- More About Restrictions
- How to Set Up the Restrictions Feature on the iPad
- Strategies for Finding the Most Suitable iPad Apps and Content for Your Kids
- Final Thoughts
How to Set Up the Restrictions Feature on the iPad
To set up the Restrictions feature of the iPad, from the Home Screen, launch Settings. On the left side of the screen, tap on the General option from the main Settings menu. Then, on the right side of the screen, tap on the Restrictions option to reveal the Restrictions sub-menu.
At the top of the Restrictions screen, tap on the Enable Restrictions option. You will be prompted to create and enter a four digit passcode, and then re-enter this code to confirm it.
It’s absolutely essential that you do not forget this passcode. Once the passcode is set and your iPad is backed up using iTunes or iCloud, if you forget the passcode, it’s virtually impossible to regain full access to the tablet without erasing everything and manually re-installing your apps and data manually.
Once the Restrictions passcode is set, from the Restrictions menu, decide what your child can access from the menu that appears on the screen. Turn the virtual switch associated with each listed iPad app or feature to the off position to make it inaccessible. This can be done for Safari (for web surfing), YouTube, the Camera app, FaceTime (for video conferencing), iTunes, Ping, and/or the ability to install and delete third-party apps.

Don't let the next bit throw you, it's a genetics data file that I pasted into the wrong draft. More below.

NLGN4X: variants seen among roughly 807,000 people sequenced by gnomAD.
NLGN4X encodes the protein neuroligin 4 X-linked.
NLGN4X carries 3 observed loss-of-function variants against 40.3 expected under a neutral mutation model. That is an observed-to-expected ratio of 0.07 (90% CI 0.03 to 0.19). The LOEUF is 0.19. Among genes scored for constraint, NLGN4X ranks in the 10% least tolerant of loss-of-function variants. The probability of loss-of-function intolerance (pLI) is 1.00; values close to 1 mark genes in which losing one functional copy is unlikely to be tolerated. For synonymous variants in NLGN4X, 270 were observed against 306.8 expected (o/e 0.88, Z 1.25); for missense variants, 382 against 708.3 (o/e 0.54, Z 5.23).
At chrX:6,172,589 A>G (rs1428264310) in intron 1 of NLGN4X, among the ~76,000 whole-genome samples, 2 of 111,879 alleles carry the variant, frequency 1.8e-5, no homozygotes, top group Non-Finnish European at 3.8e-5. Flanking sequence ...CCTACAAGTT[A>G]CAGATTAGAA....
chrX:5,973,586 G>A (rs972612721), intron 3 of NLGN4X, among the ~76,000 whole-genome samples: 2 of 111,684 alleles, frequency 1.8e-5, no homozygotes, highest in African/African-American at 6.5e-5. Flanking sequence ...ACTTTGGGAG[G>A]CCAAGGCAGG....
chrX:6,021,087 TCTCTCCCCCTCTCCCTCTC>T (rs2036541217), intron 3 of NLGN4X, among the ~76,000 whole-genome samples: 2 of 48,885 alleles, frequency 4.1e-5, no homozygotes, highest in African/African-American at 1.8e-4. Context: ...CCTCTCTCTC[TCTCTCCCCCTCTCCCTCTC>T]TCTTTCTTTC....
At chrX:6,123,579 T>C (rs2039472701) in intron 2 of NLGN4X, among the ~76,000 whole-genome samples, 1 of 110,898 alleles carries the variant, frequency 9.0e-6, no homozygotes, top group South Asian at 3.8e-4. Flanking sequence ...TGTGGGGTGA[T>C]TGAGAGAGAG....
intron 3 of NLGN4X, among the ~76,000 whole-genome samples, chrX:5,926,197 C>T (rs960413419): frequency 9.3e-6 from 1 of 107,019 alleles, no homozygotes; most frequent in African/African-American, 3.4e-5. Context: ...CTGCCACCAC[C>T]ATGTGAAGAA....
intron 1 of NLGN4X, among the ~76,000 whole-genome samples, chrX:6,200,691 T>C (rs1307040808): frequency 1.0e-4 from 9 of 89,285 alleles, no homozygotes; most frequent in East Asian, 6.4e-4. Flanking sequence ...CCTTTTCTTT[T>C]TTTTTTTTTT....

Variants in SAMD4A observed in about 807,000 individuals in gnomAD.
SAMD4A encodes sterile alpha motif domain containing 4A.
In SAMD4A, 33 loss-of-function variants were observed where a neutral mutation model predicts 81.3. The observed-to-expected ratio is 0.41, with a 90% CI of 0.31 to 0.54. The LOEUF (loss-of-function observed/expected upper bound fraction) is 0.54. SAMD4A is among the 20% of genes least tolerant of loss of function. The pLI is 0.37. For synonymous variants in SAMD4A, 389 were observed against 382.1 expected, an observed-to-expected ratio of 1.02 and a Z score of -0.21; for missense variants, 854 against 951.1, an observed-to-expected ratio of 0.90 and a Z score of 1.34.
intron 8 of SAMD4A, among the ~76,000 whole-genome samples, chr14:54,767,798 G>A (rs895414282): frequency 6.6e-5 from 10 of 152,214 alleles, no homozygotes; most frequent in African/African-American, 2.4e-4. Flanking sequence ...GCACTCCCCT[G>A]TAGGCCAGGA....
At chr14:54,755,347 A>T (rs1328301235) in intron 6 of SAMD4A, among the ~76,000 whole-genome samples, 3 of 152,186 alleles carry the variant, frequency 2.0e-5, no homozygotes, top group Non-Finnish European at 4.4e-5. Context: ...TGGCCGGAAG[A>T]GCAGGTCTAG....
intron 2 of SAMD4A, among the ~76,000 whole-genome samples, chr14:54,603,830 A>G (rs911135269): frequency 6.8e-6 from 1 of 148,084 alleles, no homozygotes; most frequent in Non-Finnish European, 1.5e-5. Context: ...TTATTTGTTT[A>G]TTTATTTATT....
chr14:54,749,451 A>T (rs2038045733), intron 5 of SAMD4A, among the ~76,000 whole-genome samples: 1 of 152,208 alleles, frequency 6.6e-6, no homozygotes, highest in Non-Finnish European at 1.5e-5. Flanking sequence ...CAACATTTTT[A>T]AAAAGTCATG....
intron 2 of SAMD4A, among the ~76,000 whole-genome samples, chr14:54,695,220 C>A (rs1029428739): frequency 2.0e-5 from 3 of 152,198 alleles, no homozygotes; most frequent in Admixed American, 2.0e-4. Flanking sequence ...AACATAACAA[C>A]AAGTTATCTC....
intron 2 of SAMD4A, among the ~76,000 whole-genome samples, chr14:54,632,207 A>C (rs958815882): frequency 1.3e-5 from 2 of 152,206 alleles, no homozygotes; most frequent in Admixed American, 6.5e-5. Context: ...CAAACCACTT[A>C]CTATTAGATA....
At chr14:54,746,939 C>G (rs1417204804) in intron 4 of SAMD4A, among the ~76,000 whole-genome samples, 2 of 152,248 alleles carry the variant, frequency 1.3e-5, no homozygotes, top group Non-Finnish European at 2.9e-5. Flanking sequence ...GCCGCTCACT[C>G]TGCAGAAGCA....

From this screen, you can also prevent your child from being able to reveal the tablet’s location, create or modify new accounts, and/or utilize the optional Find My Friends app.
As you scroll down on the Restrictions screen, under the Allowed Content heading, you can prevent your child from accessing music or podcasts with adult content or explicit language, plus prevent them from watching TV shows or movies that do not have a kid-appropriate rating.
From this menu, it’s also possible to turn off the Apps option altogether, which prevents a child from being able to run apps. Or you can turn off just the In-App Purchases option, so they can use apps, but not make online purchases from within those apps.
For example, many games are kid-friendly. However, optional in-app purchases are possible in order to acquire game items, enhance game play features, or reveal new levels. The popular game Smurf’s Village is the perfect example of this.
Smurf’s Village is kid-friendly and can be played for free. However, unless a parent turns off the In-App Purchases feature, if the child knows the iTunes password associated with the tablet, or has access to a prepaid iTunes Gift Card, they’ll be able to make purchases within the game with just a few taps on the screen.
As you explore the App Store, you’ll find thousands of age-appropriate, kids-friendly games and educational apps. Some games are multiplayer games that match up players with strangers via the web. In some cases, the iPad user’s identity and exact location can be revealed unless the appropriate steps are taken to prevent this.
In addition to using the Restrictions option to prevent your child from playing multiplayer games, via Game Center, for example, teach them to never reveal their identity or any personal information to anyone online.
Remember, the iPad has the same Internet accessibility as any computer, and it can be used for instant messaging, email, web surfing, video conferencing, participating in online chat rooms, and for communicating with strangers on the web.